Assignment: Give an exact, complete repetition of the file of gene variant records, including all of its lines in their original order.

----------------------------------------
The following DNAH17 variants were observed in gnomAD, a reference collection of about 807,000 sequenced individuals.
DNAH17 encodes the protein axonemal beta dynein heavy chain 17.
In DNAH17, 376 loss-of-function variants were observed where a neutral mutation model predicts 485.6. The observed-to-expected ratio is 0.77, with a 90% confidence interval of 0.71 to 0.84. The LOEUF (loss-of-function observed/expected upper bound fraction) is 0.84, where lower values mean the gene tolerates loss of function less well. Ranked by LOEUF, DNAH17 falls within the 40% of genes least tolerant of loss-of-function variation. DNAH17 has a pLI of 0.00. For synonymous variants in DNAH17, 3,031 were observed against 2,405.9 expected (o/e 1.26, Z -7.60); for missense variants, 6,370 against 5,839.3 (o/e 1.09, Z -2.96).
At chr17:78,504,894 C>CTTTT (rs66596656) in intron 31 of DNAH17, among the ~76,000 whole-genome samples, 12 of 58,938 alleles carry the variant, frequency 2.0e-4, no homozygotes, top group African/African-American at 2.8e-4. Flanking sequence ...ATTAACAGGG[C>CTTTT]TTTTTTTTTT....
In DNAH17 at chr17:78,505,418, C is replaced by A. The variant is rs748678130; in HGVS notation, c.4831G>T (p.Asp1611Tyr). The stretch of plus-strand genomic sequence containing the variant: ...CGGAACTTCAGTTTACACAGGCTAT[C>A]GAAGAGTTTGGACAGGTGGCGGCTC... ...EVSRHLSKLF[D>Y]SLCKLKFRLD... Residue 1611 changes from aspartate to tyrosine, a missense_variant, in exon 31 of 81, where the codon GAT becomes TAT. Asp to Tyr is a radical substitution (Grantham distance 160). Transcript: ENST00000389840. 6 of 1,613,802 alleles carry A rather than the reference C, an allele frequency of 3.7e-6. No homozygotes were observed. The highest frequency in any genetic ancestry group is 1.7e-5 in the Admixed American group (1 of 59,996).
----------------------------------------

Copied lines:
The following DNAH17 variants were observed in gnomAD, a reference collection of about 807,000 sequenced individuals.
DNAH17 encodes the protein axonemal beta dynein heavy chain 17.
In DNAH17, 376 loss-of-function variants were observed where a neutral mutation model predicts 485.6. The observed-to-expected ratio is 0.77, with a 90% confidence interval of 0.71 to 0.84. The LOEUF (loss-of-function observed/expected upper bound fraction) is 0.84, where lower values mean the gene tolerates loss of function less well. Ranked by LOEUF, DNAH17 falls within the 40% of genes least tolerant of loss-of-function variation. DNAH17 has a pLI of 0.00. For synonymous variants in DNAH17, 3,031 were observed against 2,405.9 expected (o/e 1.26, Z -7.60); for missense variants, 6,370 against 5,839.3 (o/e 1.09, Z -2.96).
At chr17:78,504,894 C>CTTTT (rs66596656) in intron 31 of DNAH17, among the ~76,000 whole-genome samples, 12 of 58,938 alleles carry the variant, frequency 2.0e-4, no homozygotes, top group African/African-American at 2.8e-4. Flanking sequence ...ATTAACAGGG[C>CTTTT]TTTTTTTTTT....
In DNAH17 at chr17:78,505,418, C is replaced by A. The variant is rs748678130; in HGVS notation, c.4831G>T (p.Asp1611Tyr). The stretch of plus-strand genomic sequence containing the variant: ...CGGAACTTCAGTTTACACAGGCTAT[C>A]GAAGAGTTTGGACAGGTGGCGGCTC... ...EVSRHLSKLF[D>Y]SLCKLKFRLD... Residue 1611 changes from aspartate to tyrosine, a missense_variant, in exon 31 of 81, where the codon GAT becomes TAT. Asp to Tyr is a radical substitution (Grantham distance 160). Transcript: ENST00000389840. 6 of 1,613,802 alleles carry A rather than the reference C, an allele frequency of 3.7e-6. No homozygotes were observed. The highest frequency in any genetic ancestry group is 1.7e-5 in the Admixed American group (1 of 59,996).